Green Fleet Roundup: BYD, C40, Modern Transportation, Sainsbury’s, BAE
Modern Transportation has deployed freight service to the Owens Corning roofing plant in Savannah, Ga., using trucks powered solely by 12-liter natural gas-fueled engines. The high volume, dedicated service established between Sanford, NC, and Savannah on April 18 is the first ever built around commercial-order, production-built engines fueled exclusively with liquefied natural gas, the company says.
BYD has delivered six electric buses to the city of Schiermonnikoog, Netherlands, for use in a National Park. Arriva will operate the six vehicles, which can accommodate up to 70 passengers. The buses can travel 250 km (155 miles) on one, overnight charge.
Hybrid and electric bus technologies can perform as well or better than comparable diesel-powered buses, and with a greater economic benefit, according to a report released by C40 Cities Climate Leadership Group. The Hybrid and Electric Bus Test Program, designed and implemented by the C40 in partnership with the Clinton Climate Initiative, was announced by New York City mayor Michael R. Bloomberg at the New York Times Building Sustainable Cities conference.
UK grocery chain Sainsbury’s has joined a government-backed program aimed at improving the adoption of hydrogen-powered vehicles and supporting infrastructure. There are currently 12 industry participants in phase two of UKH2Mobility including Hyundai, ITM Power and Sainsbury’s rival Morrisons.
BAE Systems will provide its hybrid propulsion system on 475 Nova LFS hybrid electric buses (pictured) for the Association du Transport Urbain du Quebec. ATUQ represents the leading public transit authorities of Quebec, and its members serve the province’s nine largest cities, operating in Montréal, Québec, Lévis, Laval, Longueuil, Gatineau, Trois-Rivières, Saguenay and Sherbrooke. Compared with conventional diesel-powered buses, the Nova LFS HEV offers approximately 30 percent lower fuel consumption and greenhouse gas emissions, BAE says.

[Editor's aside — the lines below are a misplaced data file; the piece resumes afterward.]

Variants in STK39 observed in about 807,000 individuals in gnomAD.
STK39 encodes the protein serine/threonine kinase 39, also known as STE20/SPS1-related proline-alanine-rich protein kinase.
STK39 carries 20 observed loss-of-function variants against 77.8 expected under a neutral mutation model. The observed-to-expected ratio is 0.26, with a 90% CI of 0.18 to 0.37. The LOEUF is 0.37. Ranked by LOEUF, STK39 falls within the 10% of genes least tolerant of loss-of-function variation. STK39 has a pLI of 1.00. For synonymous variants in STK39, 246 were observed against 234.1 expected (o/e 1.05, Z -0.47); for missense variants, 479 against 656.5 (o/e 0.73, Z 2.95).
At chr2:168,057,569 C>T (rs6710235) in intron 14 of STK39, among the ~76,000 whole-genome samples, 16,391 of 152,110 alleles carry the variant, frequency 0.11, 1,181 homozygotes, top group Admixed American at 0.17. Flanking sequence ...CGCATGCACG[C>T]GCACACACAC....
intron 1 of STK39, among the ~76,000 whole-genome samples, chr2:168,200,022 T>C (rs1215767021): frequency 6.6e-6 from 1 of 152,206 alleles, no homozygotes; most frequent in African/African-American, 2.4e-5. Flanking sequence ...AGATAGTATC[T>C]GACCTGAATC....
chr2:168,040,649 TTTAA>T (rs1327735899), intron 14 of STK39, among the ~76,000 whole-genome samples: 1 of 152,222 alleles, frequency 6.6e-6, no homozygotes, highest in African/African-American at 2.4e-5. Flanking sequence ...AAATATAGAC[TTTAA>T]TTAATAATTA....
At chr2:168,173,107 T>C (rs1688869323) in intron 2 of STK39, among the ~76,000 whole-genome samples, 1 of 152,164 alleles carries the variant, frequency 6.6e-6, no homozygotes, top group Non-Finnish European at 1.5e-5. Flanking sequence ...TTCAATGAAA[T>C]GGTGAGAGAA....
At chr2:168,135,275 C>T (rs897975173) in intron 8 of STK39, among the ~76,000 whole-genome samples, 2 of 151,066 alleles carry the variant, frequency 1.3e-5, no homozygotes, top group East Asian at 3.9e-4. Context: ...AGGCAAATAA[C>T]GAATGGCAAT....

Leviton has been awarded a $1 million grant to install electric vehicle charging stations across the state of New York in an effort to support governor Andrew M. Cuomo ‘s Charge NY initiative. Leviton will install the Evr-Green Dual Port Level 2 Charging Stations at various workplaces throughout Upstate New York, New York City and Long Island. Through the Charge NY initiative, Cuomo hopes to create a network of 3,000 public and workplace charging stations across the state over the next five years and encourage more EVs on the road.
Also in New York, Nissan and mayor Michael Bloomberg have launched an EV taxi pilot that puts six Nissan LEAFs on the streets. As part of the pilot, Nissan and partners in New York City will also install several CHAdeMO-based DC quick chargers, which will enable drivers to re-charge their electric taxis quickly during their shift. With quick charging, Nissan LEAF can be recharged to about 80 percent in under 30 minutes.
Energy Manager News
- LEED v4 is Ready to Take Center Stage
- Honeywell Upgrading Energy, Water Systems at The University of Mount Olive
- Three Boston Area Organizations Jointly Buying Solar Energy
- Insider ‘Outs’ Misleading Strategy Behind Florida’s Solar Amendment 1
- Mississippi Watchdog: Kemper Syngas Operations Could Raise Costs by 288%
- Waste-to-Energy Shows Growth in New Jersey, Maine and Florida
- Zen Ecosystems Introduces Zen HQ
- Flywheel Platform Introduced by GE